will get a call. “Oh, I remember when this happened.”
Or, “My father had this box of papers. He’s gone on, would
you be interested?” Suddenly you find this absolute gold mine
of information. We want to document everything in that manner. We
don’t always meet it, but we keep that ideal in mind when collecting.
Especially collecting new things that we know that the documentation
exists now. Better now than later and waiting for it to appear.
Tell us about some of the suits. Of course most people know that you
have very historic suits of the Moon walkers, but if you could share
some information maybe about some of the suits that people would be
really surprised to find were in your collection.
Everyone knows—well everyone assumes, and it is true—we
have all 12 suits that have walked on the Moon. Those are the iconic
images of the Apollo Program. But we have prototypes, we have test
suits, training suits—suits that were never meant to fly but
were contract suits. We have four of the contract suits that were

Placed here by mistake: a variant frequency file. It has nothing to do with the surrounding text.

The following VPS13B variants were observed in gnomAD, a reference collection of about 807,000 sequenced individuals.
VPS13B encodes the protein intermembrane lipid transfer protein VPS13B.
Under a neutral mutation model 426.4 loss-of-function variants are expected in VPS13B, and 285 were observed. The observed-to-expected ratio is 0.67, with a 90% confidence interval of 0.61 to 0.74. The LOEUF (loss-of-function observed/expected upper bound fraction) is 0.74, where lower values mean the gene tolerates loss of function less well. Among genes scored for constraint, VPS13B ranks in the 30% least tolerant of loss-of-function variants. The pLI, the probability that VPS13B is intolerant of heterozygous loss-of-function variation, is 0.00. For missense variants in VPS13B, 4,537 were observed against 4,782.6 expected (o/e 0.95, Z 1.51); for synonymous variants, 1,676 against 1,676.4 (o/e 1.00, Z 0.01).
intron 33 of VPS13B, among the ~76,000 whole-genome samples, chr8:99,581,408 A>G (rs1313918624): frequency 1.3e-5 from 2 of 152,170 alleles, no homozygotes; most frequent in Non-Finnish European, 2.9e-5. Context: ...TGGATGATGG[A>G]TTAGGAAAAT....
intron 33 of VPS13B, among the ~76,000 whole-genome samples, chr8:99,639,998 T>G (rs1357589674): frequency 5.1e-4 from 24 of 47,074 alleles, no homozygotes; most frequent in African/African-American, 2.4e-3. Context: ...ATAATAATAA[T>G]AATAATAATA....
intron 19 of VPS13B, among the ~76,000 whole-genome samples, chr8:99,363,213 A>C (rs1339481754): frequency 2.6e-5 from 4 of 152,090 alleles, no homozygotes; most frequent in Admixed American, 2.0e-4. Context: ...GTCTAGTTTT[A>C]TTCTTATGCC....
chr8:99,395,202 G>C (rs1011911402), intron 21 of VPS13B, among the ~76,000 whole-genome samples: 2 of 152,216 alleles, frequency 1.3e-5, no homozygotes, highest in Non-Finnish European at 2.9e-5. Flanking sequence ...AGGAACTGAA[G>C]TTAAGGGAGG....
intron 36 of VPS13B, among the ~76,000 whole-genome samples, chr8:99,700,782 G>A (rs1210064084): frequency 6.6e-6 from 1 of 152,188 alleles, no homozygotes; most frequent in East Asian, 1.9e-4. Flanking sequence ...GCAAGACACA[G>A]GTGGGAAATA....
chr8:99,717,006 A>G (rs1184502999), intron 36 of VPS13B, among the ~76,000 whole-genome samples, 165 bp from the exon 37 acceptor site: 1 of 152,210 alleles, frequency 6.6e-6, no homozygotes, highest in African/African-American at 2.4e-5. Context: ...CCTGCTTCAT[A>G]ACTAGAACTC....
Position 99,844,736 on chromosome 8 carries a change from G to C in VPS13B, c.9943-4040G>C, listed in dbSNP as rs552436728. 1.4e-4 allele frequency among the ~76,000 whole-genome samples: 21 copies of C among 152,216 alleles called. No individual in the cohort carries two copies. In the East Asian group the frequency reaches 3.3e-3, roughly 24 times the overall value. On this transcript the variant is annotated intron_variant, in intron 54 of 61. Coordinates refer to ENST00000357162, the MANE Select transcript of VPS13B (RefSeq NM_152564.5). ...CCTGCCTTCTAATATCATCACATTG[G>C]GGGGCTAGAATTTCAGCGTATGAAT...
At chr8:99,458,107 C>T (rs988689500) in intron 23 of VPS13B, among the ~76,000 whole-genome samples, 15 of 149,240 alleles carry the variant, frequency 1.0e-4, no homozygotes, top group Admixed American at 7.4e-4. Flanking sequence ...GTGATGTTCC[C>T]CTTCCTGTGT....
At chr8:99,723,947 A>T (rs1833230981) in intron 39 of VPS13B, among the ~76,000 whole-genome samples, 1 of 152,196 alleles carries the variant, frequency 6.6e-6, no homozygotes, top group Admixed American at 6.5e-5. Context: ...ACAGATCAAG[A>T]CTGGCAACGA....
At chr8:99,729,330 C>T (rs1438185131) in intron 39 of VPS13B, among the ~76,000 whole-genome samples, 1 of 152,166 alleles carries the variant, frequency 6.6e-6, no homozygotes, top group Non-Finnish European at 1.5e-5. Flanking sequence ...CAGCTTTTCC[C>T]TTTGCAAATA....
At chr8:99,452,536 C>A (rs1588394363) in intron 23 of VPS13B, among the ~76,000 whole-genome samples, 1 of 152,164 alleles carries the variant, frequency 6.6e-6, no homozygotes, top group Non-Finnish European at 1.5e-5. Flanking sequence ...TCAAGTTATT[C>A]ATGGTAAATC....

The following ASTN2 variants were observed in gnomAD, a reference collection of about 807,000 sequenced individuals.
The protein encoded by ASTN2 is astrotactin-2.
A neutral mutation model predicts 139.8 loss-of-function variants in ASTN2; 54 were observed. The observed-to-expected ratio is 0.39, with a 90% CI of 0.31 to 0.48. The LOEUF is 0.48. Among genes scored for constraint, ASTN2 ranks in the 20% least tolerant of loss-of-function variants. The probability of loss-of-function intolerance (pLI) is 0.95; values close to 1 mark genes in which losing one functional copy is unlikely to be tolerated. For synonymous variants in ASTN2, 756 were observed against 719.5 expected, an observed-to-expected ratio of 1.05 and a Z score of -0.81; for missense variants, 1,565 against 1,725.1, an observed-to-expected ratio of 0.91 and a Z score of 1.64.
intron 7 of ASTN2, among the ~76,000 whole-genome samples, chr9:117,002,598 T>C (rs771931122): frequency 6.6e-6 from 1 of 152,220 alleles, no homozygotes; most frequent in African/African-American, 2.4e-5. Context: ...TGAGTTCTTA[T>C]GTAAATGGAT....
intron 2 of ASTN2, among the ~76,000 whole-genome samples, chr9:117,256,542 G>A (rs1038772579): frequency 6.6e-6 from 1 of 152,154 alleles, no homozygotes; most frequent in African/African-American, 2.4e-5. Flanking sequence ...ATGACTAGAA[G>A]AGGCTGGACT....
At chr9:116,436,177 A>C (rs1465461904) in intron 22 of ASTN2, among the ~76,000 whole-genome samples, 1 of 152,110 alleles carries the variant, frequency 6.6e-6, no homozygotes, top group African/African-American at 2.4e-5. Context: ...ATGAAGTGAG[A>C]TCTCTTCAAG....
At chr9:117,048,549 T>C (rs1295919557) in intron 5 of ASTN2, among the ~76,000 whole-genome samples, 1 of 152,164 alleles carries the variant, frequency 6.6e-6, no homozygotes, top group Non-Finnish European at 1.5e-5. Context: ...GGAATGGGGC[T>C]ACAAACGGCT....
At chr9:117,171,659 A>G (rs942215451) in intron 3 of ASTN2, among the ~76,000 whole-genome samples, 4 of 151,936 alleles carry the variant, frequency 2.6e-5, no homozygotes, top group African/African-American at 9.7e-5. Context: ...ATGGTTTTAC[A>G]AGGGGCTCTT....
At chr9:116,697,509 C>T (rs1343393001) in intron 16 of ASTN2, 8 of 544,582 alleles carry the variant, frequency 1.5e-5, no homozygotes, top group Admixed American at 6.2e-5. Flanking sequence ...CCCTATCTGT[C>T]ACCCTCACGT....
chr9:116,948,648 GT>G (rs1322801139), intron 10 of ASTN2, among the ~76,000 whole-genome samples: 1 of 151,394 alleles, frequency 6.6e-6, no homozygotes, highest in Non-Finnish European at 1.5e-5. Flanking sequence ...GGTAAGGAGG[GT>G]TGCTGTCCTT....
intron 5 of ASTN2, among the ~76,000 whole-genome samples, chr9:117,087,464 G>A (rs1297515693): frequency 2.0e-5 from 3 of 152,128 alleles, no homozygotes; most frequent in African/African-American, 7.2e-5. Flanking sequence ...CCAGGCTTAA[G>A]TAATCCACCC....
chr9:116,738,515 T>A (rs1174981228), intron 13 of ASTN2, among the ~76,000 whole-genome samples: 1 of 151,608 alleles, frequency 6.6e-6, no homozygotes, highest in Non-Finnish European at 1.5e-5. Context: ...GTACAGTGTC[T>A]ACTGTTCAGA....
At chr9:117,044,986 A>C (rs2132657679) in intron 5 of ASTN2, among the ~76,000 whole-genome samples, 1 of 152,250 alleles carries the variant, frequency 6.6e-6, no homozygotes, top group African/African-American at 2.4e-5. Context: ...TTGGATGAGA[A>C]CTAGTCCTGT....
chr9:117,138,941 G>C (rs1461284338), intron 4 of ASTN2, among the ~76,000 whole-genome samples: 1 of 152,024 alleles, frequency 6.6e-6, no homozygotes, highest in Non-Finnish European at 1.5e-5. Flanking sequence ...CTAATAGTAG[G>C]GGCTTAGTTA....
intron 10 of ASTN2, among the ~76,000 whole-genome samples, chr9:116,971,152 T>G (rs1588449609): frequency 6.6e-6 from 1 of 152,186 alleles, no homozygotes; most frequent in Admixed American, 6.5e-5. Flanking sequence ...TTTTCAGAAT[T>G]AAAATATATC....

submitted for the initial request for proposals through NASA for the
Apollo program. These are suits that were manufactured by companies
that people no longer assume have anything to do with the space program,
but were involved in the space program, or interested in working on
the Apollo Program back in the 1960s.
We have engineering model suits that are asymmetrical, that are designed
to test different options on joints. They tell a lot about the history
of developing joints and the limitations of engineering a suit so
an astronaut can actually do productive work in space. We also have
hard suits that date back from the 1950s, the Litton [Industries]
vacuum chamber suits that they produced while they were working under